Kane Williamson and his boys might have done enough to clinch a semi-final spot Getty

New Zealand skipper Kane Williamson didn't read too much into the tough conditions that made batting second slightly difficult, rather choosing to give credit to England for their convincing 119-run victory that sealed the semifinal passage for the hosts. Meanwhile, New Zealand have still done enough to collect 11 points despite three consecutive losses and have all but sealed their place as the fourth placed team. Pakistan, who can reach 11 points, need to win by improbable margins against Bangladesh to topple New Zealand from the fourth position.

While agreeing that the conditions have not been ideal while chasing, Williamson urged his team to play smarter cricket on tougher surfaces while he also mentioned that lack of partnerships brought about their downfall against England.

"Going into that second half we just needed a couple of big partnerships, certainly from the top order and it wasn't there. And, you know, by no means was it an easy surface to try and gain momentum but at the same time it was important as a batting unit we were able to try and take the game to a position where you might give yourself a chance to win it, but we weren't able to do that.

"We are thinking about our cricket and where we can improve and, without a doubt, it's trying to take smarter options on some of these tougher surfaces. The experiences that we have had on some fairly tough surfaces are really important learnings to I guess take note of and try and be better for having had that experience," Williamson said.

Although England lost some momentum midway into their innings, a fine platform provided by the Bairstow-Roy association that yielded 123 runs helped the hosts finish with an imposing total of 305, which according to Williamson made all the difference.

"It (the nature of the pitch) probably changed about sort of the halfway stage of the England innings, but it's also one of those things, they played extremely well and when they do have momentum, often it can be a big challenge regardless of the surface to stop. So they put us under a lot of pressure and hit through the line nicely, but I think, as we saw, that became a lot harder to do when guys, other guys came out to bat later on, and it allowed us to stem the flow," said Williamson, adding that being aggressive with the ball is the best way to counter attacking starts from the batsmen.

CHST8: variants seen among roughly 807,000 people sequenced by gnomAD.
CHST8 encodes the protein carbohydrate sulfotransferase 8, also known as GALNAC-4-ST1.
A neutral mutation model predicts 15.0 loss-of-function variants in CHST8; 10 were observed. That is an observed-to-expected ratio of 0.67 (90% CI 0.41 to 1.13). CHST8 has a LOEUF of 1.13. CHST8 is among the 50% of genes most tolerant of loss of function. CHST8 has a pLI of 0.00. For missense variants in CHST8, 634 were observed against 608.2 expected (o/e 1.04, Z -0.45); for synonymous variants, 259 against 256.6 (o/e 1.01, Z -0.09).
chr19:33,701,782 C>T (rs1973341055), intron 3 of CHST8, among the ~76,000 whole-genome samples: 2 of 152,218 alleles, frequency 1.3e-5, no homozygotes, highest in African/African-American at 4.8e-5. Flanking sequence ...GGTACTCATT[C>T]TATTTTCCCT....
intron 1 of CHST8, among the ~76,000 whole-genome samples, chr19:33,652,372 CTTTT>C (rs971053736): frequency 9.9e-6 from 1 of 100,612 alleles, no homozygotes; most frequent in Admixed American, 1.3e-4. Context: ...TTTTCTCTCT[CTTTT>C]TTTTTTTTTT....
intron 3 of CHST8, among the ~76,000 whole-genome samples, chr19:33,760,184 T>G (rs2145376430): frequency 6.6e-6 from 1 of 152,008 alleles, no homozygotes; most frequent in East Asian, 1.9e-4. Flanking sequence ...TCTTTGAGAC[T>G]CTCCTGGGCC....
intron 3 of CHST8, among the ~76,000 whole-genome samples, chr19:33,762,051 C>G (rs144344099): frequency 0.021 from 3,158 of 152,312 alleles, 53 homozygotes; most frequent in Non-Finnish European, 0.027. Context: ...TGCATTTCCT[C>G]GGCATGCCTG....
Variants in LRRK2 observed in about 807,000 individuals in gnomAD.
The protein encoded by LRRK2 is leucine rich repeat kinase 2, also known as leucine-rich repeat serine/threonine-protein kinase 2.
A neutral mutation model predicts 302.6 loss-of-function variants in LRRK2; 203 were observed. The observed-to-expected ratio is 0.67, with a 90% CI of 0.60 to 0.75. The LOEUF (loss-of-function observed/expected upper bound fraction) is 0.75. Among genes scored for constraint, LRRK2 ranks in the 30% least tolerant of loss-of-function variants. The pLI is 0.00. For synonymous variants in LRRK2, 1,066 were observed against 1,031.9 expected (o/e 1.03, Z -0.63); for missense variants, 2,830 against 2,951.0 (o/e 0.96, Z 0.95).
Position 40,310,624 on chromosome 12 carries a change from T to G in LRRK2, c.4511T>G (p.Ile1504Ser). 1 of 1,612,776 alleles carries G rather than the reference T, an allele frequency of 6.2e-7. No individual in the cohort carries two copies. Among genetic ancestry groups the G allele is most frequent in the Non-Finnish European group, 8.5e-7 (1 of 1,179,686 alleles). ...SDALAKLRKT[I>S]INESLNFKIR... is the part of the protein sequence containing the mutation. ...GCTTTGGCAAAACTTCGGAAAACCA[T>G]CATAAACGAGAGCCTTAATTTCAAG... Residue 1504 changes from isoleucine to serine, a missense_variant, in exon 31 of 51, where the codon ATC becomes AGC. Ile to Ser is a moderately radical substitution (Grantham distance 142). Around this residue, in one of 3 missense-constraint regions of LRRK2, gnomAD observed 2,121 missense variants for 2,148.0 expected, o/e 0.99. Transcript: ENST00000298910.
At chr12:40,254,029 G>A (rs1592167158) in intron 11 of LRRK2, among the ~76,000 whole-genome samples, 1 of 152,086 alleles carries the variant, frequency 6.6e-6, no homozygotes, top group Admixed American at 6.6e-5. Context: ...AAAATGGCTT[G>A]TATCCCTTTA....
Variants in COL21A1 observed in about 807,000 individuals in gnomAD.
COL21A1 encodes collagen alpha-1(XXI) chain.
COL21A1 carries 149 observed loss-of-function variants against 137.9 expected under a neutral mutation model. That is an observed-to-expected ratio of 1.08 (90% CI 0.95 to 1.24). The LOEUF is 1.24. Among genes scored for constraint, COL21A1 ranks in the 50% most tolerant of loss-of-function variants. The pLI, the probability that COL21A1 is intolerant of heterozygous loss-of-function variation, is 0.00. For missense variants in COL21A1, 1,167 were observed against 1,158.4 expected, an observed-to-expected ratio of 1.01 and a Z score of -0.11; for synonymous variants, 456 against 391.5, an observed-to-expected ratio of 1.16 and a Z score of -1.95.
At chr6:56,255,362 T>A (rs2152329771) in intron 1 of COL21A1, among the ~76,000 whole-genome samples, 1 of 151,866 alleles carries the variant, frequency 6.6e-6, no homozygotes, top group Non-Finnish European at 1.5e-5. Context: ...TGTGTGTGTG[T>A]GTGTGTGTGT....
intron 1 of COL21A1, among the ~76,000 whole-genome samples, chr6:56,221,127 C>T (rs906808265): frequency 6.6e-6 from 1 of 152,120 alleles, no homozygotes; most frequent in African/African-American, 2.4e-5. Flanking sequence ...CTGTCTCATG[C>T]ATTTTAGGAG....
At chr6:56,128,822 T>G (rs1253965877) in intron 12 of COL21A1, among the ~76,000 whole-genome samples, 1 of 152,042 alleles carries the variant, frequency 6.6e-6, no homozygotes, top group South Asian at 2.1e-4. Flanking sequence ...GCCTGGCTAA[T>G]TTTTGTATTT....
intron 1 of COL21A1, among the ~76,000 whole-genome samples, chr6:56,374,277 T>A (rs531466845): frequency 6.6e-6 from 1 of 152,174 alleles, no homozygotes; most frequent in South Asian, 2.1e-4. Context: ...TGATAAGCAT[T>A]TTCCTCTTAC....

"Taking early wickets against anybody that you come up against is the best way to stem momentum and, as we have seen, the wickets have changed a lot, so you get on a surface that is a bit harder to hit through the line, then perhaps it's not as free-flowing and we know when those two -- and a number of others in their line-up to be fair -- are going they can be very difficult to stop, especially on very good surfaces which generally we do see over in England. So it is a challenge, but I guess trying to be aggressive with the ball in hand to give yourself the opportunity to take those wickets I think is the best way to try and stop, I guess, anybody from getting away on you."

With New Zealand most likely to make it to the semi-final stage, Williamson wanted his team-mates to play with freedom and leave the past behind.

"If you are in a knockout stage where it's the semifinal opportunity where certainly on the day anything can happen. And we know from our perspective that we haven't put out our best performance yet and we know when we do that without a doubt gives us the best chance of beating anybody. If we are fortunate to be in a semifinal, then we do have a little bit of a break and we need guys to come back together in terms of our first training and have that freshness to go out and play with the freedom."